Other films this year will have to sweat bullets to match the explosive power and subversive wit of David Cronenberg’s A History of Violence. It slams you like a body punch and then starts messing with your head. Because the film concerns a family in the Midwest, and suspense and sexuality do a seductive mating dance on the plot’s surface, History is being touted as the Canadian maverick’s olive branch to the mainstream. Maybe so, but only if you’ve never heard of subtext or watched Cronenberg sabotage all things packaged as bright and beautiful. There are those who rag on the director as Dave Deprave, the flesh freak who plays mind games with damaged, oozing body parts in films like Scanners, The Fly, Dead Ringers, Videodrome, Crash and Naked Lunch. Open your eyes, people. This is a world-class director, at the top of his startlingly creative form.
Working from a fierce and funny script that Josh Olson loosely based on the graphic novel by John Wagner and Vince Locke, Cronenberg sucks us in with cunning skill. He makes life look Norman Rockwell normal in the off-the-map burg of Millbrook, Indiana, where Tom Stall (Viggo Mortensen in the performance of his career so far) runs the local diner and runs home to his hot lawyer wife, Edie (Maria Bello), and their two kids. Jack (Ashton Holmes), 15, and Sarah (Heidi Hayes), 6. The Stalls are not the Waltons. After twenty years of togetherness, Tom and Edie still sneak off for kinky fun, with Edie dressing like a cheerleader to stiffen Tom’s ardor.
Role-playing takes another guise when two armed robbers threaten to shoot up the diner. The mild-mannered Tom is suddenly Indiana Jones, throwing scalding coffee and leaping across and under tables — getting stabbed in the foot in the process — before grabbing a gun and killing the men. Cronenberg gives the scene a quick, brutal urgency bolstered by fluid camerawork from the gifted Peter Suschitzky. We’re shocked by the violence, but also complicit in it. We want the creeps dead. The media saddle Tom with a new role: hero.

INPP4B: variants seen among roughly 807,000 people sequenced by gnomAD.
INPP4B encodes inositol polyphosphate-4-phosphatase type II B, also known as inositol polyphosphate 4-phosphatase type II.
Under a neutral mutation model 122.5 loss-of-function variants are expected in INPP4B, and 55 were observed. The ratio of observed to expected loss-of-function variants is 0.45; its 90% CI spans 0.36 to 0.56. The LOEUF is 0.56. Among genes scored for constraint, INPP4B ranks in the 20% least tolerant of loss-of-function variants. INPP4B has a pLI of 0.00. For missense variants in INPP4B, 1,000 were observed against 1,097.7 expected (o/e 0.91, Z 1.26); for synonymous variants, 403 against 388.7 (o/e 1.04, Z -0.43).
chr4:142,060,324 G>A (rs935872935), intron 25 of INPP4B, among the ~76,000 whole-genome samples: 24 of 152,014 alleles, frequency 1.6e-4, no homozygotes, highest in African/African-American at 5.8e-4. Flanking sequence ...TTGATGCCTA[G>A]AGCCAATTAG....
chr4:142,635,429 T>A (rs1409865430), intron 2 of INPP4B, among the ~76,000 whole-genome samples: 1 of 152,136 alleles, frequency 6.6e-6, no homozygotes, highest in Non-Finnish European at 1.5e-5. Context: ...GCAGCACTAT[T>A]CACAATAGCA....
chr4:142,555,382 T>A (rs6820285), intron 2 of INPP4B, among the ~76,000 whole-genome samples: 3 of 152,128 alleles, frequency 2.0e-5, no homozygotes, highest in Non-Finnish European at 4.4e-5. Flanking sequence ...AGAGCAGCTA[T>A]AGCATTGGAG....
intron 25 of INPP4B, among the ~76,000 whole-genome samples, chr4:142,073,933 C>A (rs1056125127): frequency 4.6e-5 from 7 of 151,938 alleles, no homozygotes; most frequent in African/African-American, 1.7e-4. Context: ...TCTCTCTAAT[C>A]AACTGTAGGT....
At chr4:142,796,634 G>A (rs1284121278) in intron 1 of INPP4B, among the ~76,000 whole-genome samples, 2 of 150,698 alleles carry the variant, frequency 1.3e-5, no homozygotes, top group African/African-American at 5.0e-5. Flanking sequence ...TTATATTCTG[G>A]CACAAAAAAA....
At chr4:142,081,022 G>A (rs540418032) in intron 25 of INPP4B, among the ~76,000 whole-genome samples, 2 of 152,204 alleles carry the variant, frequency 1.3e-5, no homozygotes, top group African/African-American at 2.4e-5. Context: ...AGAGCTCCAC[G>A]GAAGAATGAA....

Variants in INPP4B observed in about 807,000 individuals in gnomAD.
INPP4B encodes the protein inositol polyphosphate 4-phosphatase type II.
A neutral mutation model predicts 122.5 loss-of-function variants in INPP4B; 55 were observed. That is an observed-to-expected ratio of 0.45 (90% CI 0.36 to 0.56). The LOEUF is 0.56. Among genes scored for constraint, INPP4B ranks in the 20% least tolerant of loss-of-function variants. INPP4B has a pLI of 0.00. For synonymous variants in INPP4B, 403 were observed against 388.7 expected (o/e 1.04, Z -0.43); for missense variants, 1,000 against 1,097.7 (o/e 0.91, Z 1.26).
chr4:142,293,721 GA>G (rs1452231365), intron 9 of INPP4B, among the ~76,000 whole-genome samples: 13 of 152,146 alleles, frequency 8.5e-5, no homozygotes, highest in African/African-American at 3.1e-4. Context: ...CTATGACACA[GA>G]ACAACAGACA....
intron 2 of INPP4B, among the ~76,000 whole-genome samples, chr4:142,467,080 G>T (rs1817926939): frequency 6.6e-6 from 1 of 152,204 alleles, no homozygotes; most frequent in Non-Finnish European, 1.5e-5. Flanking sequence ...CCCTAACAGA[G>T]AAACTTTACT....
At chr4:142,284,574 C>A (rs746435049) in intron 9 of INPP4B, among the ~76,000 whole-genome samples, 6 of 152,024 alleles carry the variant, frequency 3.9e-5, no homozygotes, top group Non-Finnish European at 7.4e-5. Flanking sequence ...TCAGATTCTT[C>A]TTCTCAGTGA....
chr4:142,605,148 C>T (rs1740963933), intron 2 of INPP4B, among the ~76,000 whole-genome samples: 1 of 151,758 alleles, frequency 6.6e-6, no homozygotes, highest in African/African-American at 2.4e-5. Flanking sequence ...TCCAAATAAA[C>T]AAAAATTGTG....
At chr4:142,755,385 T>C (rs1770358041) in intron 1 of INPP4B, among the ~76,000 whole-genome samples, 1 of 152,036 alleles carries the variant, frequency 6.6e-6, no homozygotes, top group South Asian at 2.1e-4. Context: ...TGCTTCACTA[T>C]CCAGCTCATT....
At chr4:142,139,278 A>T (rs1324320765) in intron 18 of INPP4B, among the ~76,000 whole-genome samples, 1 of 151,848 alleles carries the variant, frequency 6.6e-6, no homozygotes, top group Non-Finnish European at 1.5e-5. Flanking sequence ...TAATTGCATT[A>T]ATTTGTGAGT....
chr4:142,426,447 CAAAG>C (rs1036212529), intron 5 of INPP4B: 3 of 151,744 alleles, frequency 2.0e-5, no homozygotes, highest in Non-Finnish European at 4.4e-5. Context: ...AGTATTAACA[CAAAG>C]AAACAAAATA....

Tom’s face on the tube catches the attention of Fogarty (the ever-superb Ed Harris), a black-suited, dead-eyed, scar-faced Irish hood from Philly who limos up to the diner and unnerves Tom by calling him Joey Cusack, a fellow mobster Fogarty has been hunting down for years. Tom’s denial leads to even uglier confrontations with an underworld — William Hurt mixes mirth and menace to devastating effect as one of its kingpins — turning a wonderland into a waking nightmare.
Is Tom a killer or the victim of a ”wrong man” scenario out of a Hitchcock thriller? I’ll never tell, and you shouldn’t let anyone else squeal. Consider only that while Cronenberg expertly throws us curves, he is also showing how an unprecedented burst of violence can turn a peaceful man into an object of fear and intense attraction. At school, Tom’s son (Holmes gives the role a touching complexity) batters the bully who’s been battering him. Again, we cheer. Edie is less certain.
Cronenberg couldn’t ask for better actors to fill these tricky roles. Mortensen, best known for the Lord of the Ring trilogy but at his best in smaller films that make larger demands (The Indian Runner, The Portrait of Lady, A Walk on the Moon), meets every challenge of a role that calls for subtlety and sureness. And Bello is dynamite as a woman who is forced to look for signs of a stone killer inside the gentle man she married. In a scene that’s sure to stir up controversy, Edie fights Tom off on the family staircase. He thinks sex will reinforce their bond. But when her resistance gives way to lust, it’s not for her husband but for this stranger who scares and excites her.
Cronenberg knows Americans have a history of violence. It’s wired into our DNA. Without a hint of sermonizing, he shows how we secretly crave what we publicly condemn, and how we even make peace with it. The family tableau that ends the film is as chilling and redemptive as anything Cronenberg has ever crafted. You won’t know what hit you. open the caskets of the Clutter family. Later, at a New York reading of the unfinished In Cold Blood. Capote recites the words that turn the reality of that immoral action into transcendent art. Capote is a movie that doesn’t pull its punches. It’s a knockout.